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How Not to Court Latino Voters
How Not to Court Latino Voters
The ways immigration was used in key election campaigns this year offer lessons for dealing with the issue and winning over Latinos, writes Gebe Martinez.
If you dig below the surface of Tuesday’s election results you’ll find that, on immigration, politicians resorted to the politics of anger and fear—a short-sighted strategy that produced mixed results and will be harmful in the long run for both national parties.
The results left Republicans looking like angry right-wing extremists and Democrats appearing afraid and uncertain of how to deal with the issue. It is a political habit for both sides that has become hard to break.
Whether it is in a tight election contest or a tough policy debate, the most conservative side usually resorts to talking tough on immigration, a complex issue that can easily be distorted to create fear. And the impulse to take a “hard right” at the last minute occurred in New Jersey’s gubernatorial race, in which Republican Chris Christie defeated incumbent Democrat Jon Corzine after letting a hardliner stump for him.
The response from moderates in conservative-leaning areas is usually to recoil rather than lean into the immigration issue for the sake of surviving the next election campaign, as we saw in statewide races in Virginia. Democrats there seemed to lose their footing and slide off the path to victory that was charted by President Barack Obama last year and outgoing Democratic Governor Tim Kaine.
The special election in New York’s 23rd congressional district showed the damage that the far-right wing can do to the Republican Party’s national message, especially if it wants to eventually reach out to the Latino vote, the fastest-growing electorate in the nation.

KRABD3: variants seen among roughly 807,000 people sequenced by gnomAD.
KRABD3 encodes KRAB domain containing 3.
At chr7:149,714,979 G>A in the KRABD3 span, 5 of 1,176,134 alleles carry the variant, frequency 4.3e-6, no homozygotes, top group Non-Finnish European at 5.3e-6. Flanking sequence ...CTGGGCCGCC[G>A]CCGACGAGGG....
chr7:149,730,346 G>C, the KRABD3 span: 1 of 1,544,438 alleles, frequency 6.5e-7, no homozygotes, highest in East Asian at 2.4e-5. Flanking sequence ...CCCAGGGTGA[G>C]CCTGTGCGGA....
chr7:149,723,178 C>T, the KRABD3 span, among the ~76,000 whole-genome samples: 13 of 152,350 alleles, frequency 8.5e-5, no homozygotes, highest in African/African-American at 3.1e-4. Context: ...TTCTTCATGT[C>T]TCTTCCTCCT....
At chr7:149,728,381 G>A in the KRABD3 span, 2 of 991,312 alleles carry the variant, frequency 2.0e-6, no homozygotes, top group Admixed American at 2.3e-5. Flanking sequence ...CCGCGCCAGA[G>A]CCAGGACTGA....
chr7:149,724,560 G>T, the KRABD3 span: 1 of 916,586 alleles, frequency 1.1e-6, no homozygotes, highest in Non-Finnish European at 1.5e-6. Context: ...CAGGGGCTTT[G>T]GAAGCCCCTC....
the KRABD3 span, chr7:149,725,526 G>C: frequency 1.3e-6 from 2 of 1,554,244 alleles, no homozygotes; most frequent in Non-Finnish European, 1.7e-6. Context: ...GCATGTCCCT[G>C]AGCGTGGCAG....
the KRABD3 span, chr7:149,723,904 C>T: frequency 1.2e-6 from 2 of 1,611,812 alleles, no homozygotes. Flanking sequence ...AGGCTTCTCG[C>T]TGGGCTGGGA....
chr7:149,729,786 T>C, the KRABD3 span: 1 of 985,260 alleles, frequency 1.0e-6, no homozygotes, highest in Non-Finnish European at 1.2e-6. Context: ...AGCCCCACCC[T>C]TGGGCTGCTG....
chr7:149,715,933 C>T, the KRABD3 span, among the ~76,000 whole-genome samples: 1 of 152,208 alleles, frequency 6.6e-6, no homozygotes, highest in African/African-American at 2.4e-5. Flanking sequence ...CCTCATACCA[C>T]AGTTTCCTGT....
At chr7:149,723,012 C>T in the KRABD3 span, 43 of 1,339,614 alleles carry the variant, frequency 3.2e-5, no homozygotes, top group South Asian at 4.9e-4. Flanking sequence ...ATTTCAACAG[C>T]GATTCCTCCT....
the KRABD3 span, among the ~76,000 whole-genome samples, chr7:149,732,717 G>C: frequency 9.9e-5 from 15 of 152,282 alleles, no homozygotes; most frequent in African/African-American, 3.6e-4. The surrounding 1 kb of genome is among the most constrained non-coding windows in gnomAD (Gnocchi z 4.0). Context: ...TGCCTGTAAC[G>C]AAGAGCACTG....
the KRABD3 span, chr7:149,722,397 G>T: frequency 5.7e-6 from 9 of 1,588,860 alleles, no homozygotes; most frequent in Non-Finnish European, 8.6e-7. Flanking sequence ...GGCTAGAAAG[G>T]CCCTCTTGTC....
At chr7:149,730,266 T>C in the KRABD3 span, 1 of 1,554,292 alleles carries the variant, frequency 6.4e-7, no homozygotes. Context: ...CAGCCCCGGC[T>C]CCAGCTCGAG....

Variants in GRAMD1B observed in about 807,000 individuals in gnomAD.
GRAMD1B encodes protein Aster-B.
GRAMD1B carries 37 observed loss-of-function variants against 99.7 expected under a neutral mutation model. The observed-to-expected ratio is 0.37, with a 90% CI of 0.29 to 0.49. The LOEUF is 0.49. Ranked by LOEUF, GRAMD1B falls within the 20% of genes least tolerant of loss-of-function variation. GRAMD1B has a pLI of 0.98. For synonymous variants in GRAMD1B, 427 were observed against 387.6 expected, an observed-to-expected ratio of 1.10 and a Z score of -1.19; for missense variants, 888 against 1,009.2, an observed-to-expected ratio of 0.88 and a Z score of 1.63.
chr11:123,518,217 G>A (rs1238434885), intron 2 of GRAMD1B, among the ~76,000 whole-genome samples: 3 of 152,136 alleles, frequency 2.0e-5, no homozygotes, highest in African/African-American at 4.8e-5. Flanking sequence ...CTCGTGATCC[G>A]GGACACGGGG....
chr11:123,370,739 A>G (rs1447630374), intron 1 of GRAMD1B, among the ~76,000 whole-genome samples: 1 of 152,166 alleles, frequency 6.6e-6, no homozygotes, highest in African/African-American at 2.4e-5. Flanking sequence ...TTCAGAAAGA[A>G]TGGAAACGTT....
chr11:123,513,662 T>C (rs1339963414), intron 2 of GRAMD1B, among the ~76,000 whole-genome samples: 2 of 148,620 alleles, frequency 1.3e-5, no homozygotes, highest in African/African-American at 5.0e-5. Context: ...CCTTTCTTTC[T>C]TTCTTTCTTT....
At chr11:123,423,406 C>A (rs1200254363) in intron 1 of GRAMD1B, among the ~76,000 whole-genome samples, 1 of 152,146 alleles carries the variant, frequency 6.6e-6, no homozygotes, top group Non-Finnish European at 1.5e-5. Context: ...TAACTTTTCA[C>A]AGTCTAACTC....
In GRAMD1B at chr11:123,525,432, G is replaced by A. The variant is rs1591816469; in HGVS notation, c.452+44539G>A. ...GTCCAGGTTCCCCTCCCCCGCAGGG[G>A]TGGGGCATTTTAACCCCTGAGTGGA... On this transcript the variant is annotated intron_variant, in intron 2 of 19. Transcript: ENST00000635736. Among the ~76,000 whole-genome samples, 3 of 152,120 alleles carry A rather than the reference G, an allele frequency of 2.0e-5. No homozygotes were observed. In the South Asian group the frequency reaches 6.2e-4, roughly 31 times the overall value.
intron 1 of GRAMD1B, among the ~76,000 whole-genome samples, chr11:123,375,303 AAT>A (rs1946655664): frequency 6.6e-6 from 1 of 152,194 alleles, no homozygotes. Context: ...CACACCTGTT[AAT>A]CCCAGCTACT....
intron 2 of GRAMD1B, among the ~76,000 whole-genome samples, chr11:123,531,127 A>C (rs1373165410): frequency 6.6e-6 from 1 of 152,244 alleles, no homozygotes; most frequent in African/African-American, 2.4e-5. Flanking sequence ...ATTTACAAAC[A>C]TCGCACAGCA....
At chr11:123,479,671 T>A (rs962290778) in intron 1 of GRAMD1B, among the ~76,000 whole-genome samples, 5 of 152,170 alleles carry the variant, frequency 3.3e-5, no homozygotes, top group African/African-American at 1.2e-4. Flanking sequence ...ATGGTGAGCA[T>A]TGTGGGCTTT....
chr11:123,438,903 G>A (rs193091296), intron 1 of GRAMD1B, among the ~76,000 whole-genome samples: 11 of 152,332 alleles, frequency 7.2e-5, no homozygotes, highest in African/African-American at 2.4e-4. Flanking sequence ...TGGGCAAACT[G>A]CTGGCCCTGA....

Lost in this limited round of races is the fact that while voters may be frustrated and even angry with the federal government trying to take on too much, voters blame it for the failing immigration system. They would rather see it fixed than have the issue demagogued.
The 2008 national election cycle also showed that the anti-immigrant message is not a winning one at the polls and is a major turnoff among Latino voters.
The various ways immigration was used by campaigns in key election contests in three states offer insight into dealing with the issue and also courting the ever-growing votes of Hispanics, who feel the sting of harsh anti-immigration rhetoric.
New York’s 23rd District
The race to fill the House vacancy in an upstate New York district along the Canadian border was billed as a fight for the “soul” of the National Republican Party. In this district, the debate over “illegal” drugs crossing the border could easily be about U.S. citizens wanting to purchase lower-priced prescription drugs in Canada. Latinos make up only 2 percent of the population.